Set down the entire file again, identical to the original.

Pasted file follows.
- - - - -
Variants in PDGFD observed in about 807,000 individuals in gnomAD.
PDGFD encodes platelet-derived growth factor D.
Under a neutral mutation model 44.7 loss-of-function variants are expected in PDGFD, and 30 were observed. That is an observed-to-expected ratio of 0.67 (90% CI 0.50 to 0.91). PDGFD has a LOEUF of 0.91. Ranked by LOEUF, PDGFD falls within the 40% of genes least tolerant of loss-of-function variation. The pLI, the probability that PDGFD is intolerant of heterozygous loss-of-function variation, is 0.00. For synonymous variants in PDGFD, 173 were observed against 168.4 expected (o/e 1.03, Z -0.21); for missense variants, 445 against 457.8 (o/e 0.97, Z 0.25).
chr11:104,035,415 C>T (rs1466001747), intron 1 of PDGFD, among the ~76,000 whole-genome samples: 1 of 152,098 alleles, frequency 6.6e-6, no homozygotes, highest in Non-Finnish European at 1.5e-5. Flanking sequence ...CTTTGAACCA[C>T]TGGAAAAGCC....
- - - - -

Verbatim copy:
Variants in PDGFD observed in about 807,000 individuals in gnomAD.
PDGFD encodes platelet-derived growth factor D.
Under a neutral mutation model 44.7 loss-of-function variants are expected in PDGFD, and 30 were observed. That is an observed-to-expected ratio of 0.67 (90% CI 0.50 to 0.91). PDGFD has a LOEUF of 0.91. Ranked by LOEUF, PDGFD falls within the 40% of genes least tolerant of loss-of-function variation. The pLI, the probability that PDGFD is intolerant of heterozygous loss-of-function variation, is 0.00. For synonymous variants in PDGFD, 173 were observed against 168.4 expected (o/e 1.03, Z -0.21); for missense variants, 445 against 457.8 (o/e 0.97, Z 0.25).
chr11:104,035,415 C>T (rs1466001747), intron 1 of PDGFD, among the ~76,000 whole-genome samples: 1 of 152,098 alleles, frequency 6.6e-6, no homozygotes, highest in Non-Finnish European at 1.5e-5. Flanking sequence ...CTTTGAACCA[C>T]TGGAAAAGCC....